The English Literature Summer School – Part 1 will cover literature dating from 650AD to 1790AD, including Middle English, Medieval Literature, Chaucer, The Renaissance, Shakespeare, Restoration Literature and the Rise of the Novel. In addition we will also be covering Historicist and Feminist critical approaches as part of this Summer School.
This course offers the opportunity for an in-depth and illuminating exploration of the major movements in the development of English Literature. Tackling canonical authors including Chaucer, Shakespeare and Milton, students will develop the skills to read them both within their historical context and in dialogue with other writers and genres, such as the Medieval courtly poem and Renaissance travel writing. The course should foster a broad understanding of Medieval, Early Modern and eighteenth-century literary movements and familiarise students with their range of distinctive genres, styles and concerns.
Covering a wide range of writing forms including narrative and religious poetry, drama, Renaissance prose, and the invention of the novel form, we will combine close and critical reading with short lectures, group work and editing projects, in order to understand how the texts we encounter were put together. We will approach literature not only in book form, but also in its older oral incarnations, in manuscript, and crucially in performance. Drama should be understood in relation to its production on the stage, and an integral part of this is the trip to a Shakespeare play at the Globe Theatre. For 2017 this will be Twelfth Night.
As well as tackling the exciting developments in the English language through Old and Middle English, we will focus on major ideas that stimulated the literary imagination through several periods including religion, empire, and gender relations. Literary theory will play an important role in examining the production of ideas over time, and in this Summer School we apply the insights of Feminist and Historicist criticism in order to open up new perspectives on the texts that we read or encounter in performance.
Literature of past periods can sometimes seem remote from our own as we grapple with Anglo-Saxon anonymous authorship, or why fiction was such a shocking concept in the early eighteenth century. This Summer School invites students to read literature pre-1790 with historical awareness, critical acuity and an enhanced understanding of the ways in which it has shaped cultural relations, in the past and in the present. As such, the course will be particularly useful to students considering undergraduate study of English, but it is suitable for all those with a passion for literature, and complementary to A-level and Pre-U courses with an emphasis on understanding different periods of literature.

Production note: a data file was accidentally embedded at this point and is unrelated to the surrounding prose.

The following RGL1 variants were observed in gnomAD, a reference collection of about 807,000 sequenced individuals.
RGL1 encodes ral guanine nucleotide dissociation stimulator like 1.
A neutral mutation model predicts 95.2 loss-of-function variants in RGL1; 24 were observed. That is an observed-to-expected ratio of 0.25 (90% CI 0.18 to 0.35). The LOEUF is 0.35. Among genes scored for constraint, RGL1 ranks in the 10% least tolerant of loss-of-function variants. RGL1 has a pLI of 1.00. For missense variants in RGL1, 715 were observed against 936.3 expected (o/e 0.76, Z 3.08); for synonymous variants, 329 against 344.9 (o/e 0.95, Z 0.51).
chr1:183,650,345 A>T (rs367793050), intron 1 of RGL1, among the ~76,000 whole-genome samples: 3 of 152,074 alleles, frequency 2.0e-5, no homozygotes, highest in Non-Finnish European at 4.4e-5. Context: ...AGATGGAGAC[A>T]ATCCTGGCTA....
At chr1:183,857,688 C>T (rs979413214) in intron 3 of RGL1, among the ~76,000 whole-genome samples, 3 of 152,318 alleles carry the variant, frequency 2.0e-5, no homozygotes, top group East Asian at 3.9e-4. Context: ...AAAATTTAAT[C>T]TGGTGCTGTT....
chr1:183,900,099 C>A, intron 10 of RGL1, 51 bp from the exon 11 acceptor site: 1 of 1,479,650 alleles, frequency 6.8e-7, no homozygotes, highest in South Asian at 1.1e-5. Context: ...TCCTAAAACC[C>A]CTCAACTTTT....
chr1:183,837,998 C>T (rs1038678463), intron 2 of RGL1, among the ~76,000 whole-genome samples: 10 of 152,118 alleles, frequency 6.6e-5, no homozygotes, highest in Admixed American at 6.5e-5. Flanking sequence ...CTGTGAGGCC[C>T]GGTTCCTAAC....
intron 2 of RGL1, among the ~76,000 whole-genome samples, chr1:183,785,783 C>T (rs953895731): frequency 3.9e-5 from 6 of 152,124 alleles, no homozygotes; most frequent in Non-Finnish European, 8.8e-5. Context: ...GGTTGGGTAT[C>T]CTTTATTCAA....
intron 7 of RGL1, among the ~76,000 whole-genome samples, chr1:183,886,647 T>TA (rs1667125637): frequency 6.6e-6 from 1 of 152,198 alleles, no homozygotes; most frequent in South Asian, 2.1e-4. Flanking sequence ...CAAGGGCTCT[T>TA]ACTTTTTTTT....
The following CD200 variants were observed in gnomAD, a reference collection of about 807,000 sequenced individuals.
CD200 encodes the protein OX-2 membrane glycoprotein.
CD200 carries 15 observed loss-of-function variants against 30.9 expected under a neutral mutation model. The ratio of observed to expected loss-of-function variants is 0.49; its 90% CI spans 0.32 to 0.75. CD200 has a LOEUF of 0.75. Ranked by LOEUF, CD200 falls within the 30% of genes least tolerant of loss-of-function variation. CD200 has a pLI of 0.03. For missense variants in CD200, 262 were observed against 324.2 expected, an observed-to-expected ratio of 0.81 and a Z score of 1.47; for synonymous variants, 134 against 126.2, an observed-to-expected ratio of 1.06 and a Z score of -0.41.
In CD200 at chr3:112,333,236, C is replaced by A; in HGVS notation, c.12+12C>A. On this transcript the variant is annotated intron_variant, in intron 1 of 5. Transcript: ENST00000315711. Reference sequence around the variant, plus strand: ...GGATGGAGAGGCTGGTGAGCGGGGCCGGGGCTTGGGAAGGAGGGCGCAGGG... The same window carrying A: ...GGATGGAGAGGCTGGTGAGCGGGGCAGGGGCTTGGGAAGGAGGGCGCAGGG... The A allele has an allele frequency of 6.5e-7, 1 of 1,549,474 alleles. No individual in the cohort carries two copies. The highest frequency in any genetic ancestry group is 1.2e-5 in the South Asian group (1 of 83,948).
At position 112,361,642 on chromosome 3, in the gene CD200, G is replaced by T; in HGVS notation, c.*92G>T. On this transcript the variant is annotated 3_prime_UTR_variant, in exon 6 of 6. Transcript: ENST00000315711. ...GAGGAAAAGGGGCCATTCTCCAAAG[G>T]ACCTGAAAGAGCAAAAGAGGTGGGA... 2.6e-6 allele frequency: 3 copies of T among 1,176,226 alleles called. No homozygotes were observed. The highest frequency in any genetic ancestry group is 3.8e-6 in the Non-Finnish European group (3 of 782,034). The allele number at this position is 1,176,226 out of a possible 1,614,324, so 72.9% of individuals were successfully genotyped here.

You can view a full schedule for the course, details of tutors and lots more feedback from last year on our website – www.debatechamber.com.
Part 1 of the course will take place on the 24th-28th July 2017. Students may also be interested in Part 2 of the Summer School on the 31st July – 4th Aug which covers literature from 1790 to the present day, with a focus on postcolonial and deconstructivist schools of theory, or Part 3, taking place 7th-11th Aug, which covers exclusively contemporary prose, poetry and drama, with a focus on psychoanalytic theory and theories of the canon.
Please note that students can attend all Parts of the Summer School, or just one or two, depending on their literary interests. Although the courses complement one another, they can also be treated as stand alone events and there is no requirement to have attended Part 1 in order to register for other Parts.
The English Literature Summer School – Part 1 will take place on the 24th-28th July 2017.
The cost of booking any single Part of the English Literature Summer School £475, the cost of any two Parts is £850, and the cost for all three Parts of the Summer School is £1200. The Summer School will be held at a University of London, Bloomsbury campus (please note that these courses are not residential, and accommodation must be arranged independently if required).
There will be a limited number of bursary spaces available for those who would otherwise have financial difficulty in attending – please see our website for details.